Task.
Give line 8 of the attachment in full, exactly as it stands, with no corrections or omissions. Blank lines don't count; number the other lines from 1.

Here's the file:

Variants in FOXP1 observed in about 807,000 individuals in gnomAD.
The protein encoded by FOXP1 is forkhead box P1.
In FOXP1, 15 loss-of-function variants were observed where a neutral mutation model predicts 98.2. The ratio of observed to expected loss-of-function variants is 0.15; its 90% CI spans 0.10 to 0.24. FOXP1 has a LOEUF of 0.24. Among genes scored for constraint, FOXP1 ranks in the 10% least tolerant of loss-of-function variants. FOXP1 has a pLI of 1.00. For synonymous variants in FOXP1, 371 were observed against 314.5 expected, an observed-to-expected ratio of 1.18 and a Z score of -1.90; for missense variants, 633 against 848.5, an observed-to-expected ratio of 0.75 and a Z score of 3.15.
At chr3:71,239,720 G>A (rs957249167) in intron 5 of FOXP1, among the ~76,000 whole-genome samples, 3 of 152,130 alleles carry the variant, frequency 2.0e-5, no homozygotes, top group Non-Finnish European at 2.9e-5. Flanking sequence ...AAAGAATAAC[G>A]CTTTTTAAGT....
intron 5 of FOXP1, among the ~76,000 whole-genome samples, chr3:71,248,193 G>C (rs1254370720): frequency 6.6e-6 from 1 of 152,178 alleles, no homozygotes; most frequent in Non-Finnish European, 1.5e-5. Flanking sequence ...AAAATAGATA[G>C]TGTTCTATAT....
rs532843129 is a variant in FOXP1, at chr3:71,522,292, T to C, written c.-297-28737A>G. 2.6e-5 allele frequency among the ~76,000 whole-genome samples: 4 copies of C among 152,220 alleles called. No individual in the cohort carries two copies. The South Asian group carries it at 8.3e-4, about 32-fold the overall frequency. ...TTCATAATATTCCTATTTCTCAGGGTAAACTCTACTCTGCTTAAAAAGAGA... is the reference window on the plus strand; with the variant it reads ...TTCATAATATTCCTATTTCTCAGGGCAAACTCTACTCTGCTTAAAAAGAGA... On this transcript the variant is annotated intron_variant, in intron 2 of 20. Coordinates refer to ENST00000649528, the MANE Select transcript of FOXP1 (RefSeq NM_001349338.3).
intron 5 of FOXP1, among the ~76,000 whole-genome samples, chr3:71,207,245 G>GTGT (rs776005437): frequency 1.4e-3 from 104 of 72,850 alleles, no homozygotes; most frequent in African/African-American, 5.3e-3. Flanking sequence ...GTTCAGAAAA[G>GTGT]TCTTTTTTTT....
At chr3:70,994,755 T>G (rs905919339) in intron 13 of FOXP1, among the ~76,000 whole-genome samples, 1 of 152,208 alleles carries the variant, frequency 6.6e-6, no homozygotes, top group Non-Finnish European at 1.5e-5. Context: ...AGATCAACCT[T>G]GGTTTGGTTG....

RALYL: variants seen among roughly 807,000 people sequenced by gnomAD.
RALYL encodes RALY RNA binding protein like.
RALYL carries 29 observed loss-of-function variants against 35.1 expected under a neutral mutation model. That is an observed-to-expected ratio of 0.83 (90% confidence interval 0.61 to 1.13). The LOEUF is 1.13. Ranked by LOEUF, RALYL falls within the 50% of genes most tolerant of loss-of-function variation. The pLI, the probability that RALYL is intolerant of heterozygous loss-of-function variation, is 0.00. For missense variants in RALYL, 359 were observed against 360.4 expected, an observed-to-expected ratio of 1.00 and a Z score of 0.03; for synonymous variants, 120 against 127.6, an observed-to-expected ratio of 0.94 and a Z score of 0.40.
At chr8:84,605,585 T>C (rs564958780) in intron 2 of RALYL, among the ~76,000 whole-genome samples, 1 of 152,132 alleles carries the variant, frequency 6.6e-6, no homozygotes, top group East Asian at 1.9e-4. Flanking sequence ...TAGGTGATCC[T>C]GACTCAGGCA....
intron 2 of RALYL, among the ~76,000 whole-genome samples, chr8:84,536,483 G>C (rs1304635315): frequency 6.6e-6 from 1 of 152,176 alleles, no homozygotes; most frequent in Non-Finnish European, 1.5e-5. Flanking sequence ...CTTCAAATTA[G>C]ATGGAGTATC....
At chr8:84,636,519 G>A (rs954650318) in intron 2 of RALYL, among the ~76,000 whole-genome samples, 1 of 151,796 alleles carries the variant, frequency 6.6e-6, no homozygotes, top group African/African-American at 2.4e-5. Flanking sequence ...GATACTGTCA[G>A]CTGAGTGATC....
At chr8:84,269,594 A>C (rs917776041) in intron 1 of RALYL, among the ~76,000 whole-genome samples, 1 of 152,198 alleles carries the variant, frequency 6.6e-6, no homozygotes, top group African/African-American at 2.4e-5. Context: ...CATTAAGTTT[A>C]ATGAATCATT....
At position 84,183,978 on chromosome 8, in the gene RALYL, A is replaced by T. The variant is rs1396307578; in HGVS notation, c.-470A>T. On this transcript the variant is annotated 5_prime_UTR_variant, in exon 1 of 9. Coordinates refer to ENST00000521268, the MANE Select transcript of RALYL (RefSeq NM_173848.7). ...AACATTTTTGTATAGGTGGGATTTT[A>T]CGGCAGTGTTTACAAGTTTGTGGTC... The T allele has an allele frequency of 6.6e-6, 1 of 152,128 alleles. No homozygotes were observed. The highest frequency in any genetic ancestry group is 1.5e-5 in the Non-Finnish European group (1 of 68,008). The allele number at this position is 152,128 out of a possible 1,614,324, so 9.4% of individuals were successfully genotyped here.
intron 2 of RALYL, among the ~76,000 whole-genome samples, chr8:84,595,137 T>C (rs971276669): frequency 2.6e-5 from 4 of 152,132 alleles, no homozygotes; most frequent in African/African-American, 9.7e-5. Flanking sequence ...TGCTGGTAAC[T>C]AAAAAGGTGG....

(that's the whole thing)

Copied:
At chr3:70,994,755 T>G (rs905919339) in intron 13 of FOXP1, among the ~76,000 whole-genome samples, 1 of 152,208 alleles carries the variant, frequency 6.6e-6, no homozygotes, top group Non-Finnish European at 1.5e-5. Context: ...AGATCAACCT[T>G]GGTTTGGTTG....